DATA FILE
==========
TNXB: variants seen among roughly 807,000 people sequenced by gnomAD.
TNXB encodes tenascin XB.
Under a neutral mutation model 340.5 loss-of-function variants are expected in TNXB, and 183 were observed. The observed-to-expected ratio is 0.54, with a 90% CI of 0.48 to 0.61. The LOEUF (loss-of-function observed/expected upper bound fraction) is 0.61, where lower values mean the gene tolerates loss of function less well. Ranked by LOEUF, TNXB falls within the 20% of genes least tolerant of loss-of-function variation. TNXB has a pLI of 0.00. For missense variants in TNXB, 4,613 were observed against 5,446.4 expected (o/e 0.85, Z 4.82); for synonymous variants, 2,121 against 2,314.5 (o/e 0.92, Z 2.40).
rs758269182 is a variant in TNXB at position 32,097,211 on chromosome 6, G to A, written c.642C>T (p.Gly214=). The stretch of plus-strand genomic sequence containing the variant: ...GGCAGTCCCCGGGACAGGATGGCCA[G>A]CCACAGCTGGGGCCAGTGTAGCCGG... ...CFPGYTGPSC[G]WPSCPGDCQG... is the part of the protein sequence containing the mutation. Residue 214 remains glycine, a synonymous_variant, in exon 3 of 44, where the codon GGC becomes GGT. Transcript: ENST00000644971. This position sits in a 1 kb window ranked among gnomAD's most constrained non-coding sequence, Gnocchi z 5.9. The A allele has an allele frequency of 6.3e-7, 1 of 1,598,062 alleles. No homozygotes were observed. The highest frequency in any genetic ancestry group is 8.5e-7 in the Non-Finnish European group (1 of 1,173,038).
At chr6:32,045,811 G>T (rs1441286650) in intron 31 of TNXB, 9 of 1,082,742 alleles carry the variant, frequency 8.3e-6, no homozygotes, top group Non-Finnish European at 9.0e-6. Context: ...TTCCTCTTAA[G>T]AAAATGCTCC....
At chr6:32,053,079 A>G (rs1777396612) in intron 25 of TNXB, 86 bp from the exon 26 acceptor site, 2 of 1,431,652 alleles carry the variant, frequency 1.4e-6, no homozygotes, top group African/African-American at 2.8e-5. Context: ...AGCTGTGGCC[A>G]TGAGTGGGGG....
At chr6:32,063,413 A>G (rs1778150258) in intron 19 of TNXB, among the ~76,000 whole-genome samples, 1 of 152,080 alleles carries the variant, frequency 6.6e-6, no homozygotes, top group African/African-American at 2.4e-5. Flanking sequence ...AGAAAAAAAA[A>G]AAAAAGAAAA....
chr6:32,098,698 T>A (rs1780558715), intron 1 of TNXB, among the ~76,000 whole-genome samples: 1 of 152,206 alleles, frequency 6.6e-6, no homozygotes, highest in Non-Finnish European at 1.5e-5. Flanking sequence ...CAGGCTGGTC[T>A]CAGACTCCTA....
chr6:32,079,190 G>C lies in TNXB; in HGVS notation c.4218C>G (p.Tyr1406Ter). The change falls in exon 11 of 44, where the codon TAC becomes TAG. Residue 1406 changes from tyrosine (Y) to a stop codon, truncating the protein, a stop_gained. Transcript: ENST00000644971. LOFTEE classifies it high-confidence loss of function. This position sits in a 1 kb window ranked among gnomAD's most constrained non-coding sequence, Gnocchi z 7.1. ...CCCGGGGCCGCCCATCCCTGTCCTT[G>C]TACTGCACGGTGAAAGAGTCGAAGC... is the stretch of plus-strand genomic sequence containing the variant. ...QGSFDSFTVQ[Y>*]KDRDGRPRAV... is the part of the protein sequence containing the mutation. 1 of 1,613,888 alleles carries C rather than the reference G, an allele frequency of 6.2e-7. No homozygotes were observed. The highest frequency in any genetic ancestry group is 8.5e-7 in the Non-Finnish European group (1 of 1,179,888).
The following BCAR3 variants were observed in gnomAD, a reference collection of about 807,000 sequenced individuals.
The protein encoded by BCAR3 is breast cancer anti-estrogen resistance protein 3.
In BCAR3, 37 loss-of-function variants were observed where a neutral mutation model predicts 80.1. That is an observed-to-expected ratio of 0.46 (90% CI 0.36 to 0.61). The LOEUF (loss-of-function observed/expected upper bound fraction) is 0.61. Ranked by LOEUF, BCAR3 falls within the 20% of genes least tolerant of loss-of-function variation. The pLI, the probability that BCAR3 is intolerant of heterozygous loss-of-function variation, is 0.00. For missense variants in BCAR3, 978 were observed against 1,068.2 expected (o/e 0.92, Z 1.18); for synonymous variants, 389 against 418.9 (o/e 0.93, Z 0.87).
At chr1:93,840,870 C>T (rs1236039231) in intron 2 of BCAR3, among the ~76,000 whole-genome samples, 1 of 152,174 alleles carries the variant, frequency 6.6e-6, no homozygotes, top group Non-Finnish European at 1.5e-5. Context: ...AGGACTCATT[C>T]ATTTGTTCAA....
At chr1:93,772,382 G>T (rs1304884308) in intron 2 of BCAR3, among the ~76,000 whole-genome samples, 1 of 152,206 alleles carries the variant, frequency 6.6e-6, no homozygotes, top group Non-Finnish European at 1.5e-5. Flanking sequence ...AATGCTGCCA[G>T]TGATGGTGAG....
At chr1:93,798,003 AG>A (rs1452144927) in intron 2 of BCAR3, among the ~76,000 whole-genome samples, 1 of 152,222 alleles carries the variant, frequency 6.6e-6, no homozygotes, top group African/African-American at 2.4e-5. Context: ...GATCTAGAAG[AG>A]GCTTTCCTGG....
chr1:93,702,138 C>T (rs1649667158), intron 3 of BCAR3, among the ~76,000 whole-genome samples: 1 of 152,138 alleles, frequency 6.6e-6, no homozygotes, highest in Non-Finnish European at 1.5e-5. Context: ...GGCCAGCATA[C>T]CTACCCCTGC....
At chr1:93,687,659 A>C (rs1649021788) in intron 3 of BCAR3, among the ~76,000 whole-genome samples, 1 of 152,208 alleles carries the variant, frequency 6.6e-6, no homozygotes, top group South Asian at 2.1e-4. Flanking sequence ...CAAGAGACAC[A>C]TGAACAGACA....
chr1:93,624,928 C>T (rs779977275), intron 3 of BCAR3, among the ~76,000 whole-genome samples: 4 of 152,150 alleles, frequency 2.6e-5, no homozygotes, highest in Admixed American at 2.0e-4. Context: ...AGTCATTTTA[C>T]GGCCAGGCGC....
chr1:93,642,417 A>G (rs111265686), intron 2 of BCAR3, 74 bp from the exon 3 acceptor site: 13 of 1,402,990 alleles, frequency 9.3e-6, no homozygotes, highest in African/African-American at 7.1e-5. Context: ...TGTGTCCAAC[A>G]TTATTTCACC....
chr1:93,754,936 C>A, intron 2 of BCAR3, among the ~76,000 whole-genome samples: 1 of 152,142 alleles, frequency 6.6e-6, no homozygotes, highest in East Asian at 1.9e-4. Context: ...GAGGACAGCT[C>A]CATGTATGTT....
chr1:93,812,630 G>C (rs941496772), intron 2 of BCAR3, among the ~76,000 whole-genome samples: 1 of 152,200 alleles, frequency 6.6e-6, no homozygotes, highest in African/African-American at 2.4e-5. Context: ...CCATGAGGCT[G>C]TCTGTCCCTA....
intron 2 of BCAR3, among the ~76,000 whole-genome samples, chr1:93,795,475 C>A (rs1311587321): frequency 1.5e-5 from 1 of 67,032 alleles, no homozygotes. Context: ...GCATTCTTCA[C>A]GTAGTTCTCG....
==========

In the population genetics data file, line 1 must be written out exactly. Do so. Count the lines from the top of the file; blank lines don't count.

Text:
TNXB: variants seen among roughly 807,000 people sequenced by gnomAD.